On Blu-ray: Bacall and Peck in Designing Woman (1957)


There’s a particular kind of mood that a film like Vincente Minnelli’s Designing Woman (1957) fulfills. It doesn’t go deep, but sometimes it is the beautiful milieu you deeply desire. Everyone onscreen looks well groomed, even the people who are supposed to be slobs, the sets are gorgeous, the clothes a marvel of construction, every character has something funny to say, and no one ever seems to truly suffer. Now on Blu-ray from Warner Archive, this bit of cinematic eye candy looks even better.

Gregory Peck and Lauren Bacall star as a sportswriter and fashion designer respectively, who meet cute, then ugly, then cute again and quickly marry. They barely know each other, which makes adjusting to daily life together an adventure. Her friends are arty, his are gruff. Clearly these social circles are hilariously not going to mesh well. And then there’s Peck’s ex, a sexy, and intellectually substantial showgirl played by eternal film stealer Dolores Gray.

There’s also a subplot about a gangster out to get Peck, but for the most part Designing Woman addresses the problem of how these people who are profoundly attracted to each other are going to bear living with each other. It’s a serious subject approached with hardly a forehead crease of concern.

Peck and Bacall don’t set off fireworks together romantically, but they are a pleasing comedy team. Both are more famous for dramas, but did just fine drawing laughs if they had the right script. This is perhaps the most success they both had in the genre, though Bacall's haughtily hilarious performance in How to Marry a Millionaire (1953) is a contender.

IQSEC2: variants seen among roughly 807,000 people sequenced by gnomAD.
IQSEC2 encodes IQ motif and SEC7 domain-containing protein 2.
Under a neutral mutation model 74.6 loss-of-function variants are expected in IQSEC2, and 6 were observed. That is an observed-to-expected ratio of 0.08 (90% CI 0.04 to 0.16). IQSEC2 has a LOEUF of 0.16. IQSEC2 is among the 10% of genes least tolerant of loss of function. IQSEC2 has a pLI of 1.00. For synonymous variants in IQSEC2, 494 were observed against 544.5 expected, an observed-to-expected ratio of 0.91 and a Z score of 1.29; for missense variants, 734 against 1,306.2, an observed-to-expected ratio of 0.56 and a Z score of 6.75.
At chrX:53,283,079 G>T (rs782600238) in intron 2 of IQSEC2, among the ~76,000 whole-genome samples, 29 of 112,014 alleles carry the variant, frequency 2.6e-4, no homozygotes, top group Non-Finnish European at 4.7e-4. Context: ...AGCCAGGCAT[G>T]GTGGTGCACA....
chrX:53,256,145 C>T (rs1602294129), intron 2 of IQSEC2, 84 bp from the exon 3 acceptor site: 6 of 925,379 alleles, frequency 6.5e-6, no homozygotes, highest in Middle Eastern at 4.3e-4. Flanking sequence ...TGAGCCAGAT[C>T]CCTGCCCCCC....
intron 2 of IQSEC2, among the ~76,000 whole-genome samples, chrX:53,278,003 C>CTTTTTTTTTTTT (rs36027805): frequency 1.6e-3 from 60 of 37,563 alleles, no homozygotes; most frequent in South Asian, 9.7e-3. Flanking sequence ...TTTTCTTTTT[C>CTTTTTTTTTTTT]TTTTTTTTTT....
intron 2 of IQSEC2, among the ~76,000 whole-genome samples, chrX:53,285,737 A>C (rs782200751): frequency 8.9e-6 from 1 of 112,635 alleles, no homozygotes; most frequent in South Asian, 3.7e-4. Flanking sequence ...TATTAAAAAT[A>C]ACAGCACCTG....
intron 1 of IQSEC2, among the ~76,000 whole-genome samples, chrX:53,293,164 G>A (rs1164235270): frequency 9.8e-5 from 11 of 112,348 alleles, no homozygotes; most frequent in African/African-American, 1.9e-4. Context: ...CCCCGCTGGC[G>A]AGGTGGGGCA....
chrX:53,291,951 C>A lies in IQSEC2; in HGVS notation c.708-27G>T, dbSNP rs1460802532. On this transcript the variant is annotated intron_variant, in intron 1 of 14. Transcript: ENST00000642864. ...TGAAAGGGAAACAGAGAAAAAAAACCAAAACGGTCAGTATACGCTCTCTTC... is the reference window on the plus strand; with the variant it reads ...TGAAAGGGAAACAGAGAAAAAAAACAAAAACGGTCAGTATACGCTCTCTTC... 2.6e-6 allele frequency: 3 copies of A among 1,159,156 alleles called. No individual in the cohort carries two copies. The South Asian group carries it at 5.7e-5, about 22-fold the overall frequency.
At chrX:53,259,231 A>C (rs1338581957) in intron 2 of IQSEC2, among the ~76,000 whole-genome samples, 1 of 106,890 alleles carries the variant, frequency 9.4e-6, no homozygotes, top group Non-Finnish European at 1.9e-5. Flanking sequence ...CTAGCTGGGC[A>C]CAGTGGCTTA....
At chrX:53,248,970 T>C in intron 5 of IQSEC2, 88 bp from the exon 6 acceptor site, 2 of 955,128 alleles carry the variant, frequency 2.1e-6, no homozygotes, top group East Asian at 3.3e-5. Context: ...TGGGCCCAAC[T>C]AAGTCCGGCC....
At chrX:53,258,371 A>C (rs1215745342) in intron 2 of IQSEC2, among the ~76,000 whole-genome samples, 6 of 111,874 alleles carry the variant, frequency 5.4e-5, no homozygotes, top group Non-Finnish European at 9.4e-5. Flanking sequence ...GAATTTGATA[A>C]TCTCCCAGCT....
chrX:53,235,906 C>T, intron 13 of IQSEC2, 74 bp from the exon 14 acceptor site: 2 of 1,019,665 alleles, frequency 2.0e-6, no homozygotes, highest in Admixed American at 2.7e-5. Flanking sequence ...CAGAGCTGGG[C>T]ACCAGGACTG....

Gray owns all of her scenes, firmly equating sex appeal and class. She was made for the colorful, Cinemascope fifties, with her magnetic, if not too showy glamour and penchant for elegantly dominating a room. She’s also got a seductively lovely singing voice which she gets to show off in the production numbers There'll Be Some Changes Made and Music Is Better than Words both of which she is performing for a television camera, an amusing set up in that age.

For a film that looks so good, it isn’t surprising that the idea for it came from costume designer Helen Rose, who also created the costumes for Designing Woman. I'm sure plenty of ideas like that came from staff behind the scenes who didn’t get credit. Here Rose not only got credit, but her involvement was used to promote the film. One of the special features on the Blu-ray is an awkward, but amusing "interview" with Rose, where she filmed responses to pre-written questions for the use of the media.

In addition to the Rose interview, the disc includes a trailer for the film.


Many thanks to Warner Archive for providing a copy of the film for review. To order, visit The Warner Archive Collection.

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